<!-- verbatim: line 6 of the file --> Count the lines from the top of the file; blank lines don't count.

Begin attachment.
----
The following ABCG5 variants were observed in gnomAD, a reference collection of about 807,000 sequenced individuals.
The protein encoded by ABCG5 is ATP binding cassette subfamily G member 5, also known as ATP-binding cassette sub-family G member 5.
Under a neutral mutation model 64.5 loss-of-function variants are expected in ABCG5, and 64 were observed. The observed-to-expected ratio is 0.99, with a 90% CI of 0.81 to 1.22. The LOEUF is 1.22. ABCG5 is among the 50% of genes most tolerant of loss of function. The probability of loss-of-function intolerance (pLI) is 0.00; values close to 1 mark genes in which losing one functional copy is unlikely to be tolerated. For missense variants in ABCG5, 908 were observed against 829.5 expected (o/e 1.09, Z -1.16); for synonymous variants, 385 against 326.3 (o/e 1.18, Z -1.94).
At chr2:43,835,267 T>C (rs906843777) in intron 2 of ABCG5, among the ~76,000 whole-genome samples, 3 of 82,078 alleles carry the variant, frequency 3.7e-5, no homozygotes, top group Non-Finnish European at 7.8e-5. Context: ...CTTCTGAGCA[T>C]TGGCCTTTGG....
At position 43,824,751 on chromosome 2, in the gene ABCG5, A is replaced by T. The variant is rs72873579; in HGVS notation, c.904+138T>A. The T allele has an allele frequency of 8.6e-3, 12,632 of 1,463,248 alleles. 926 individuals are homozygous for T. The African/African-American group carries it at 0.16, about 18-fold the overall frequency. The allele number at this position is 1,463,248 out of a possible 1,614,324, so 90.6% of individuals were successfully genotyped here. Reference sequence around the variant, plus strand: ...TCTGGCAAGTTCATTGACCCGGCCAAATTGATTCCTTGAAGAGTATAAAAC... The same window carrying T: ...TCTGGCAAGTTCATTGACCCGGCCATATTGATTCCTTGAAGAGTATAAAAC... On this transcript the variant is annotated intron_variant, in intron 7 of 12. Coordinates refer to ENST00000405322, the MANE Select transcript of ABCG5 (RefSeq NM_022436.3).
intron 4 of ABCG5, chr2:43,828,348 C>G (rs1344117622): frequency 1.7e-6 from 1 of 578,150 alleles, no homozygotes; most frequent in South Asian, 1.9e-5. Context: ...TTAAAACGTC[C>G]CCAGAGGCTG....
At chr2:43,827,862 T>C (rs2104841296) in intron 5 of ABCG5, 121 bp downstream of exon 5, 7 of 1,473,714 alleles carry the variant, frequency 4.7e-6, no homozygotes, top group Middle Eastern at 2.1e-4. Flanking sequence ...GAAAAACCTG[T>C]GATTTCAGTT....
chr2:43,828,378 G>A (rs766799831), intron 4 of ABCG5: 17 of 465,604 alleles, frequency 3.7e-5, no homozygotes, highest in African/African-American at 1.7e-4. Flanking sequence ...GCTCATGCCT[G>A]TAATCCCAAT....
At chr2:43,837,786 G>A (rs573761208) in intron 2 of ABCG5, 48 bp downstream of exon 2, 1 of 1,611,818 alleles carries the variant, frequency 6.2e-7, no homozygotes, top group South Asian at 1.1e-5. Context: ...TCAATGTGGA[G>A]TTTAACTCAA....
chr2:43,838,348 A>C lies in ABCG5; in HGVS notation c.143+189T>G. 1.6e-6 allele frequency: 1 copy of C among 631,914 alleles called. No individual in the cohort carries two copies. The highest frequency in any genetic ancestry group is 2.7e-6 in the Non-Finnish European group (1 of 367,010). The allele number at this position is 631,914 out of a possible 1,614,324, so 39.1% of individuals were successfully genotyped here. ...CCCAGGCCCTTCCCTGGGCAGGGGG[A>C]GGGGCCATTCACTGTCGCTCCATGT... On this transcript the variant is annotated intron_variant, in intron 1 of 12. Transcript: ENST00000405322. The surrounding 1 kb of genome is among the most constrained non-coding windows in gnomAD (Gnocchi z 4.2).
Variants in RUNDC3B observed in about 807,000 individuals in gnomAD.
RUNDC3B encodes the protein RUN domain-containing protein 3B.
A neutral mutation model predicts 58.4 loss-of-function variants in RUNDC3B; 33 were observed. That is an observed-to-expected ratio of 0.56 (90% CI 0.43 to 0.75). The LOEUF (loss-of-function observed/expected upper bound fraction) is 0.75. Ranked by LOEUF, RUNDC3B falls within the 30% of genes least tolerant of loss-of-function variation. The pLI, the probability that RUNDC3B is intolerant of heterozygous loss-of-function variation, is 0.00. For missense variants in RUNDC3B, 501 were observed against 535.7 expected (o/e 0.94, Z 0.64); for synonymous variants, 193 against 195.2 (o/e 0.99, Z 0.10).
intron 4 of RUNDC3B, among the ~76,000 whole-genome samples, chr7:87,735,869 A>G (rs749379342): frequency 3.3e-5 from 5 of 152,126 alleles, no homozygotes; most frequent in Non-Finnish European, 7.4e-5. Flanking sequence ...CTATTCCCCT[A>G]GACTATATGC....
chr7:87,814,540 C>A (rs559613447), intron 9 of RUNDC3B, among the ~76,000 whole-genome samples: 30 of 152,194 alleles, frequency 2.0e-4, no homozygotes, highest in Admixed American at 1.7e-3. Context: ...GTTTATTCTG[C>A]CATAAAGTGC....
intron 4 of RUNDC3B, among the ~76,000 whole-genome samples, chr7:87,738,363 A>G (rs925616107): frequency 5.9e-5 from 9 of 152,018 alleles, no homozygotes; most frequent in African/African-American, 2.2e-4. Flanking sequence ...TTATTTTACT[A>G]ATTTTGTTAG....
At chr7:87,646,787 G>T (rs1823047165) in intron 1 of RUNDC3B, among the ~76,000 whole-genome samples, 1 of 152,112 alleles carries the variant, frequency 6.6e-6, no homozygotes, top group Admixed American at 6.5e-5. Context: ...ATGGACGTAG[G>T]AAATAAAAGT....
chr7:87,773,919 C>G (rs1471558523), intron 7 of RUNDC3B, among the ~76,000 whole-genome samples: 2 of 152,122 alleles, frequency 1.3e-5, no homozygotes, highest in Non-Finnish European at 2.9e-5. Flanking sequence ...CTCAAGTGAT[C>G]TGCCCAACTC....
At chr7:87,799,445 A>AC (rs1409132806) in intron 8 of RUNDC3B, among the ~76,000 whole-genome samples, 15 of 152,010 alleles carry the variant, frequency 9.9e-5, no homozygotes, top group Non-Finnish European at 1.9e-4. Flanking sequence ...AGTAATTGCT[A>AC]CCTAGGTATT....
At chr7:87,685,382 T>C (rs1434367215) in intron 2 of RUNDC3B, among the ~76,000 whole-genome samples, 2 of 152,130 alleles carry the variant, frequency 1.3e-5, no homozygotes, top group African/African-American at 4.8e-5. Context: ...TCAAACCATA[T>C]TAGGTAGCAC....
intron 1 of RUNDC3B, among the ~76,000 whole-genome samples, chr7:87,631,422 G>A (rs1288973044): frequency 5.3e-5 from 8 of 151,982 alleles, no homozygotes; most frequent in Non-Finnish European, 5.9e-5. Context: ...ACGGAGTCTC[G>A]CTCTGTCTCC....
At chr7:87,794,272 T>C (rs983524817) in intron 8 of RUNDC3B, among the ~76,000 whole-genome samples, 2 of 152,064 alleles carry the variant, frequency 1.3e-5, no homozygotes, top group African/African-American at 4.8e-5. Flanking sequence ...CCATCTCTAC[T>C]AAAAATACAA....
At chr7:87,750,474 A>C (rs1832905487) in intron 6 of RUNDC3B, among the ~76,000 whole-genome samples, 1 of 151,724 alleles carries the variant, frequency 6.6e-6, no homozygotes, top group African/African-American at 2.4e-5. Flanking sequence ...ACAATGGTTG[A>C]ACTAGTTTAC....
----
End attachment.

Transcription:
intron 4 of ABCG5, chr2:43,828,348 C>G (rs1344117622): frequency 1.7e-6 from 1 of 578,150 alleles, no homozygotes; most frequent in South Asian, 1.9e-5. Context: ...TTAAAACGTC[C>G]CCAGAGGCTG....